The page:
Because the Lowman Beach pump station sits on City property, the City Council must give final approval to the project. This approval cannot be granted until the Parks Commission buys off on the project.
Response to our comments. Ada Franklin and Martha Tuttle of King County Metro were in attendance. They reported on comments received at our last meeting, asking if they interpreted them correctly:
a.. Maintain public use of the park
b.. Mitigate the "industrial" feel of the expanded pump station and emergency generator operation.
c.. Maintain views
d.. Maintain water quality
e.. Only impact the park once
f.. Minimize the amount of lawn/vegetated area being removed for the new facility
They said that the current project calls for installation of the emergency generator and pump (with diesel fuel storage tank). A larger, more ambitious combined sewage overflow (CSO) project will be built later in the future; it is currently at a very preliminary stage in its planning. No funds have been appropriated for it.
Alternatives. Metro is looking at two off-site locations for its generator. One is on the east side of Lincoln Park Way SW, just west of Murray Place SW. The other is on the east side of Beach Drive SW, a short distance southeast of Lowman Beach Park. This latter site has issues-it is at the base of a steep slope with a condominium project above. There is concern that disturbing this slope could cause potential landslide damage to the condominiums or houses at the base of the slope.
Two on-site alternatives are also being looked at-a single large facility and vent in the middle of the Beach Drive frontage of Lowman Beach Park, or two small vents, one at this location and the other in the middle of the south boundary of the park.
Mitigation. One goal of the project is to minimize the surface area of grates required to provide ventilation for the generator and pump station. A number of ideas are being considered, one of which is to install benches above the site along Beach Drive SW. Instead of conventional grates on the ground, the benches would sit atop the ventilation openings and have wire mesh sides. The mesh could be thinner than the steel needed for the grates while still providing sufficient air flow. The thinner mesh under the benches would allow for smaller openings than would be needed if conventional grates were used.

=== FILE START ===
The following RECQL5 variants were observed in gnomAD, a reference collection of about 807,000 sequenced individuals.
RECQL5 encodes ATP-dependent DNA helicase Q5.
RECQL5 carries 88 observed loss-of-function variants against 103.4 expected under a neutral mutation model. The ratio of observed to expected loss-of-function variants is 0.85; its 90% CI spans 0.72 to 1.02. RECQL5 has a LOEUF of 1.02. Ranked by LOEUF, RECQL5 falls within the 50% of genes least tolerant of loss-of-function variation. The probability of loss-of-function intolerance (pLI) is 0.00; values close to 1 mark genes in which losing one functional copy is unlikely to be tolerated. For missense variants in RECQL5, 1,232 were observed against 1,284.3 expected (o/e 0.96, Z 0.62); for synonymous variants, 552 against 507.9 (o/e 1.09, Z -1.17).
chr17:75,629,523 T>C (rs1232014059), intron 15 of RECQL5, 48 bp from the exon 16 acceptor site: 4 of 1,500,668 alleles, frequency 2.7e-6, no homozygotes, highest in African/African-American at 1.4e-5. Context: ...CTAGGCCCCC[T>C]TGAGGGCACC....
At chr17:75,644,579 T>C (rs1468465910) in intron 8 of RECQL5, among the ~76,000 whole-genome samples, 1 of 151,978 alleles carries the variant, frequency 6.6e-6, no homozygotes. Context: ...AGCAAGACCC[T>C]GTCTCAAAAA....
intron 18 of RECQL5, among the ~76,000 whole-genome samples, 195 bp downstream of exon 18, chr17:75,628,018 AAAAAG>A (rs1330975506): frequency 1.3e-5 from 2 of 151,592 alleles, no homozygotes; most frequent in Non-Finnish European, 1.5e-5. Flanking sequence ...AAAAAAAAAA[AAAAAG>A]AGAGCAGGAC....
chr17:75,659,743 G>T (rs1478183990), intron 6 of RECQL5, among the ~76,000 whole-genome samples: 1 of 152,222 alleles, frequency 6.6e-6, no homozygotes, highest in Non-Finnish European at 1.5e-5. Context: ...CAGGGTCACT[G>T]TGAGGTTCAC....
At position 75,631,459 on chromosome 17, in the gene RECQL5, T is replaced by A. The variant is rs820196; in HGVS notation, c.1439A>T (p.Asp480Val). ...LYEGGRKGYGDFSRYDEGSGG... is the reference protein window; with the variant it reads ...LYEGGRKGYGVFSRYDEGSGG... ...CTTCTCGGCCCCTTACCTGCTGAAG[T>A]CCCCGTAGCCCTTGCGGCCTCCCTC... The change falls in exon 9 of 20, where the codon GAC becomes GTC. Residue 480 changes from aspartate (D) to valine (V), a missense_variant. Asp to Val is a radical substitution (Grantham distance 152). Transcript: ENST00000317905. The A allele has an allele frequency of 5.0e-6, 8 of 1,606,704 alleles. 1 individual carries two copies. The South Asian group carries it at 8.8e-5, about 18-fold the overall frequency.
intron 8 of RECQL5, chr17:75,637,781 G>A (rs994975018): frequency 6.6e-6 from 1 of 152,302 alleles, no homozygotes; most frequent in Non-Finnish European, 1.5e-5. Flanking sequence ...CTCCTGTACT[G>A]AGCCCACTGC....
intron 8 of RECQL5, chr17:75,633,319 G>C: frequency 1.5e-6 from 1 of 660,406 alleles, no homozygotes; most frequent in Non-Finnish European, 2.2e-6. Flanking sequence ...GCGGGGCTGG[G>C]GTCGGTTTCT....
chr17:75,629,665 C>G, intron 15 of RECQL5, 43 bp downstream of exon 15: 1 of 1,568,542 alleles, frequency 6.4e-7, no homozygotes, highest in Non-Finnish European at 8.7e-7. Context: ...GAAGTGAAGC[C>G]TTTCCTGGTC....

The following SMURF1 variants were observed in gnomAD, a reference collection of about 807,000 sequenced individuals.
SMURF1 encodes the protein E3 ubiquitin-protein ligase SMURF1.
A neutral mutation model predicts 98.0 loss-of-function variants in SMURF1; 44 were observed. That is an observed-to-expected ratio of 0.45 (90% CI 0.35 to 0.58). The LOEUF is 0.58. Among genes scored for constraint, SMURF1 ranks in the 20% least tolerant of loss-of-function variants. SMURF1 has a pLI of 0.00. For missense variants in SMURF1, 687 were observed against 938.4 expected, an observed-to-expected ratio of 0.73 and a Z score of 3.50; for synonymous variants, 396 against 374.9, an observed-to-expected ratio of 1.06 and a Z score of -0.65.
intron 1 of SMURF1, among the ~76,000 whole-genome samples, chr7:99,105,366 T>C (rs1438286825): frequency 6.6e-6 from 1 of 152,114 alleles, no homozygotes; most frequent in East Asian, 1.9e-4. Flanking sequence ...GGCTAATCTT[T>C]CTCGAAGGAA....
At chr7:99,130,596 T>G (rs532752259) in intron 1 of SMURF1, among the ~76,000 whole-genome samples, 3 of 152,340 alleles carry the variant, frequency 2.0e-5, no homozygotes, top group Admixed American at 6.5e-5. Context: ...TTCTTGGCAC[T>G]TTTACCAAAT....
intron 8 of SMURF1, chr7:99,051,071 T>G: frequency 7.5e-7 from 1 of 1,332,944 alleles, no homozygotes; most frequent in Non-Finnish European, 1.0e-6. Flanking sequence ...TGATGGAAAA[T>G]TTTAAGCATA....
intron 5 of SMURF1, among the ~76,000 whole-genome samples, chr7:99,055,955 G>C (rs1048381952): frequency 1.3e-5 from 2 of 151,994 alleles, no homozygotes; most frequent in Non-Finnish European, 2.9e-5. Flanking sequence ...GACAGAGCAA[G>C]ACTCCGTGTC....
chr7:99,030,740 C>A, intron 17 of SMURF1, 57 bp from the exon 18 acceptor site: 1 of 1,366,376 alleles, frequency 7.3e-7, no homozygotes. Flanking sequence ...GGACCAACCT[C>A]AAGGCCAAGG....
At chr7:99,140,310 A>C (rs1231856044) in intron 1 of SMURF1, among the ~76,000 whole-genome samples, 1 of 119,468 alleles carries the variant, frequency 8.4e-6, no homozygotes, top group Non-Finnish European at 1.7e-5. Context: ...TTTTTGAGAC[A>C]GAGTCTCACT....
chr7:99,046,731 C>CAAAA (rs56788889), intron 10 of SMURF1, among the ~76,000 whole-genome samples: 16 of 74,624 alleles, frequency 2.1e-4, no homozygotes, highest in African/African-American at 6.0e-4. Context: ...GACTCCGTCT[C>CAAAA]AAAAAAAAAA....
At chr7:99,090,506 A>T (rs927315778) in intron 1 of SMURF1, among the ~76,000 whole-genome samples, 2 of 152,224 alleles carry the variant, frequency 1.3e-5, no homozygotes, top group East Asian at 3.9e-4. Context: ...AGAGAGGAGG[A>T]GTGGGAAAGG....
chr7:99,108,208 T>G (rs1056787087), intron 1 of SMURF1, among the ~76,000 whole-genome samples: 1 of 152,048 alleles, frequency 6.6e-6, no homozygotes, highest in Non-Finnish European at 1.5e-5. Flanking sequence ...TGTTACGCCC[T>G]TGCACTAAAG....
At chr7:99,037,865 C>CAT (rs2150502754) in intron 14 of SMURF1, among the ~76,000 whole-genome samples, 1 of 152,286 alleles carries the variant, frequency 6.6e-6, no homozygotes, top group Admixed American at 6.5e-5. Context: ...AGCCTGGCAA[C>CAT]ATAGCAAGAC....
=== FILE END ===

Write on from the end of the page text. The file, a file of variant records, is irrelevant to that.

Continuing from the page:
Another idea is to camouflage the exhaust stacks by concealing them with artwork, such as totem poles or false trees.
Other elements of the project would include hose bibs for watering the landscaping and a drinking fountain.
Project Status. Metro is currently waiting for approval from King County Councilman Dow Constantine for the project. If he gives his approval, Metro will come back to the community at a future MoCA meeting for comments and approval.
Metro wants the community (through MoCA) to appoint a three-person liaison team to work with them in evaluating the alternatives. It was recommended that Ron Sterling, a neighbor that has shown considerable concern about the project, be a member of this team.
The plan is to reduce the number of alternatives to a short list of two preferred options and take them to 30 percent design. Then they will come back to the community for additional feedback and do additional internal evaluation to select a preferred option, which they will take to 60 percent design. This iterative process will continue, enabling Metro to take the alternative to 90 percent and 100 percent design.